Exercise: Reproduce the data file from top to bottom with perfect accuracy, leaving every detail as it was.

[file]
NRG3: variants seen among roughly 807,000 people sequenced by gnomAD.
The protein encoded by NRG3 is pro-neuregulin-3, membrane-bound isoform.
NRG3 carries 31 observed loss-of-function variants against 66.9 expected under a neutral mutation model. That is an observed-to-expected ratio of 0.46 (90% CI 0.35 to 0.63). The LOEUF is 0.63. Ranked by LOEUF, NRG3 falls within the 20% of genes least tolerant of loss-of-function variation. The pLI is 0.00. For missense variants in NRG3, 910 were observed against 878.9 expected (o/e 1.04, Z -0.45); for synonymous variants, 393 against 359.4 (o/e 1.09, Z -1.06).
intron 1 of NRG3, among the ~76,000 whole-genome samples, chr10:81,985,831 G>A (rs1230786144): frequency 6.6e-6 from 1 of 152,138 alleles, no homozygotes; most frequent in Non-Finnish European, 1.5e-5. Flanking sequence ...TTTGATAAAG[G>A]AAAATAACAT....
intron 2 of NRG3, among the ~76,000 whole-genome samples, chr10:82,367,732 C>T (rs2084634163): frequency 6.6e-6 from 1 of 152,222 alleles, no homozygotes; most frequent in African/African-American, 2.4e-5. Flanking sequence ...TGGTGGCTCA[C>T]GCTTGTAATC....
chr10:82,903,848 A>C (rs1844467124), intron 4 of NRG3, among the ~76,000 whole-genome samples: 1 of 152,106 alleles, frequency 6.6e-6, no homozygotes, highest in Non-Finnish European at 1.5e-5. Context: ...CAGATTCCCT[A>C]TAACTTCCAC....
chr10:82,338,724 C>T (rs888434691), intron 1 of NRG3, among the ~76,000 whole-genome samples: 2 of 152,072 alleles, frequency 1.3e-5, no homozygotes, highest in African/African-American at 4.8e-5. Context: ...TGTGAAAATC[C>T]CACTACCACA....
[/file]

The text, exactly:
NRG3: variants seen among roughly 807,000 people sequenced by gnomAD.
The protein encoded by NRG3 is pro-neuregulin-3, membrane-bound isoform.
NRG3 carries 31 observed loss-of-function variants against 66.9 expected under a neutral mutation model. That is an observed-to-expected ratio of 0.46 (90% CI 0.35 to 0.63). The LOEUF is 0.63. Ranked by LOEUF, NRG3 falls within the 20% of genes least tolerant of loss-of-function variation. The pLI is 0.00. For missense variants in NRG3, 910 were observed against 878.9 expected (o/e 1.04, Z -0.45); for synonymous variants, 393 against 359.4 (o/e 1.09, Z -1.06).
intron 1 of NRG3, among the ~76,000 whole-genome samples, chr10:81,985,831 G>A (rs1230786144): frequency 6.6e-6 from 1 of 152,138 alleles, no homozygotes; most frequent in Non-Finnish European, 1.5e-5. Flanking sequence ...TTTGATAAAG[G>A]AAAATAACAT....
intron 2 of NRG3, among the ~76,000 whole-genome samples, chr10:82,367,732 C>T (rs2084634163): frequency 6.6e-6 from 1 of 152,222 alleles, no homozygotes; most frequent in African/African-American, 2.4e-5. Flanking sequence ...TGGTGGCTCA[C>T]GCTTGTAATC....
chr10:82,903,848 A>C (rs1844467124), intron 4 of NRG3, among the ~76,000 whole-genome samples: 1 of 152,106 alleles, frequency 6.6e-6, no homozygotes, highest in Non-Finnish European at 1.5e-5. Context: ...CAGATTCCCT[A>C]TAACTTCCAC....
chr10:82,338,724 C>T (rs888434691), intron 1 of NRG3, among the ~76,000 whole-genome samples: 2 of 152,072 alleles, frequency 1.3e-5, no homozygotes, highest in African/African-American at 4.8e-5. Context: ...TGTGAAAATC[C>T]CACTACCACA....